Pistol (sorta): Most of the Nevada pass concepts will be recognizable for the WSU secondary (and vice versa). What’ll look a tad different is the run game. The two primary running backs — Jaxson Kincaide (42 carries, 245 yards, 5.8 per carry) and Kelton Moore (32 - 162 - 5.1) — are both pretty solid and the Wolf Pack doubled their typical mid-20s rush attempts per game to 56 against Idaho State.
With a true freshman QB making his first road start, it wouldn’t be terribly surprising to see a run-heavy attack Saturday, despite the Air Raid background of OC Matt Mumme.
As it is now, Nevada is just as likely to run (~45 percent of the time) on passing downs as they are on standard downs, which is pretty weird for an Air Raid team but we all witnessed strange growing pains when Leach first took over.
Not Talking Injuries: WSU’s #SpeedD is down one Peyton Pelluer for the rest of the season after he sustained a 100% healthy foot, following a seemingly innocuous play early in the game against Oregon State.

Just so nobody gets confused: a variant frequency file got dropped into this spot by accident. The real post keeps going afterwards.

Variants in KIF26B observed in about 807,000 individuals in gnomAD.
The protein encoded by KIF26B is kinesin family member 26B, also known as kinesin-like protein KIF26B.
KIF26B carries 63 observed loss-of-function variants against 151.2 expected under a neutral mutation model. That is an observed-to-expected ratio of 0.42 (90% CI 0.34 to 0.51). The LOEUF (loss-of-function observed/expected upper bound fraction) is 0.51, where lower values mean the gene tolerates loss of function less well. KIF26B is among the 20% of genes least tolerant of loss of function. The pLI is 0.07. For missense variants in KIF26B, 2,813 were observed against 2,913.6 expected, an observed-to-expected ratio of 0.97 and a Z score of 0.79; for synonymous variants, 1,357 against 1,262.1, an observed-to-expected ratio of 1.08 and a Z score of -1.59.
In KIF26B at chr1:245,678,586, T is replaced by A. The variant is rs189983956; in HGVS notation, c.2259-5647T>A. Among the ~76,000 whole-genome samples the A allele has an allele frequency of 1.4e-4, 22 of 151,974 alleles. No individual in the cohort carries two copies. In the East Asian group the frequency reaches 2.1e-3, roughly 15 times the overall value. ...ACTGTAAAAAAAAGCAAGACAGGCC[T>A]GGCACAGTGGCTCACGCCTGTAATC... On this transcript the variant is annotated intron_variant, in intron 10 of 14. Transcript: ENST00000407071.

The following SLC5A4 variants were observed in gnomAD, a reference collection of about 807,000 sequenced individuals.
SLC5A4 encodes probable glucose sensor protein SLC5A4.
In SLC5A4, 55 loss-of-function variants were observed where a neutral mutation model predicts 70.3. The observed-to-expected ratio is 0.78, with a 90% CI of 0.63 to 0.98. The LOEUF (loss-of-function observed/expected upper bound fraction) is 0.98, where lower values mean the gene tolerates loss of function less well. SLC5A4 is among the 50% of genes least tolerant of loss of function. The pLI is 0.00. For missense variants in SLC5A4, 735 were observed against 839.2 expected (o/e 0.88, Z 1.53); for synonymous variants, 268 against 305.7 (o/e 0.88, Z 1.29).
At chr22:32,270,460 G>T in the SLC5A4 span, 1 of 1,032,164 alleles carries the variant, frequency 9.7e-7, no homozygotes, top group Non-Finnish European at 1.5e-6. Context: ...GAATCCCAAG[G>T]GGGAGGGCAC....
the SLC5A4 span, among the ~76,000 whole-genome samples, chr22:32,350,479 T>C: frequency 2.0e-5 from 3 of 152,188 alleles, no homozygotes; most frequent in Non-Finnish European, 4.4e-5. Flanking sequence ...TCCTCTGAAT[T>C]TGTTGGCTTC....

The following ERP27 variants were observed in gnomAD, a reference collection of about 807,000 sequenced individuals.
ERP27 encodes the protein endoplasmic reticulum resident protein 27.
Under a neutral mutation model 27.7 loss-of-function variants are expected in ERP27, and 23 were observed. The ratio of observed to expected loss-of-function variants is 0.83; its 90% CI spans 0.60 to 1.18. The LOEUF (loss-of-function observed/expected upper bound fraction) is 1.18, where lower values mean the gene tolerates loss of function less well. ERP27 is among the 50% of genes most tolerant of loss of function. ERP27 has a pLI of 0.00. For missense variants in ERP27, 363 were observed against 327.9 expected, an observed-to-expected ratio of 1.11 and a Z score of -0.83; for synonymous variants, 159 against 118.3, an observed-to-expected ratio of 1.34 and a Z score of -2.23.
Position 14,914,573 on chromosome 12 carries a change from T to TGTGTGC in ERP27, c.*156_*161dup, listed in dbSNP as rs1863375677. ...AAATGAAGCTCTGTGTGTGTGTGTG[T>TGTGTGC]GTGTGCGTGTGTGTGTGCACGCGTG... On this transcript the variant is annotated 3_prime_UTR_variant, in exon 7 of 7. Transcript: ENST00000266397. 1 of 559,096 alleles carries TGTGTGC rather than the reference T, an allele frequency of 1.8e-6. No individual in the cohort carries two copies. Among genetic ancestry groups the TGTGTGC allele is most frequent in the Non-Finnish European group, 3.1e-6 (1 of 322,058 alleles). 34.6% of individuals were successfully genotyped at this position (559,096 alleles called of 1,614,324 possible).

Pelluer’s leadership cannot be understated and there’s a definite opportunity for someone on the defense to fill that not purely physical vacancy for the rest of the year.
Defensive Coordinator Alex Grinch and his staff played around a little with their linebacker options and it looks like senior Isaac Dotson and redshirt freshman Jahad Woods will be responsible for picking up a lot of the slack going forward, perhaps with a dose of fifth year senior and former walk-on Nate DeRider. How exactly all those different parts fit together is probably a work in progress we’ll get to witness on Saturday.